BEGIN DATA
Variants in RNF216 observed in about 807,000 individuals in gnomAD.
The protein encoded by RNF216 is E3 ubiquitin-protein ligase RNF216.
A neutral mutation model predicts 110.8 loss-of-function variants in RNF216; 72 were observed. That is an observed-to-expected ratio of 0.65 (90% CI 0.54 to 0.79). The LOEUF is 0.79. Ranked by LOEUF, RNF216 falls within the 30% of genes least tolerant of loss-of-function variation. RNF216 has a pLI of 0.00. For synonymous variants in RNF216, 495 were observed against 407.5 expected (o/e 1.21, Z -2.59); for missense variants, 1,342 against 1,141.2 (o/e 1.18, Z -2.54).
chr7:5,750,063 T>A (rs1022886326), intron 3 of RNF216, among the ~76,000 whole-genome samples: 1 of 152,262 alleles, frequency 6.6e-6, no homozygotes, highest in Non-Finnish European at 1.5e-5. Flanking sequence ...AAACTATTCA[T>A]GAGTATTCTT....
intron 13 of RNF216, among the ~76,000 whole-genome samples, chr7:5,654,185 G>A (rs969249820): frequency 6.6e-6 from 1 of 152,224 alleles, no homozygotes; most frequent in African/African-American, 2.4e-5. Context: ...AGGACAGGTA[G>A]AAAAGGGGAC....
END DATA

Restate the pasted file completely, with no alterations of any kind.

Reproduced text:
Variants in RNF216 observed in about 807,000 individuals in gnomAD.
The protein encoded by RNF216 is E3 ubiquitin-protein ligase RNF216.
A neutral mutation model predicts 110.8 loss-of-function variants in RNF216; 72 were observed. That is an observed-to-expected ratio of 0.65 (90% CI 0.54 to 0.79). The LOEUF is 0.79. Ranked by LOEUF, RNF216 falls within the 30% of genes least tolerant of loss-of-function variation. RNF216 has a pLI of 0.00. For synonymous variants in RNF216, 495 were observed against 407.5 expected (o/e 1.21, Z -2.59); for missense variants, 1,342 against 1,141.2 (o/e 1.18, Z -2.54).
chr7:5,750,063 T>A (rs1022886326), intron 3 of RNF216, among the ~76,000 whole-genome samples: 1 of 152,262 alleles, frequency 6.6e-6, no homozygotes, highest in Non-Finnish European at 1.5e-5. Flanking sequence ...AAACTATTCA[T>A]GAGTATTCTT....
intron 13 of RNF216, among the ~76,000 whole-genome samples, chr7:5,654,185 G>A (rs969249820): frequency 6.6e-6 from 1 of 152,224 alleles, no homozygotes; most frequent in African/African-American, 2.4e-5. Context: ...AGGACAGGTA[G>A]AAAAGGGGAC....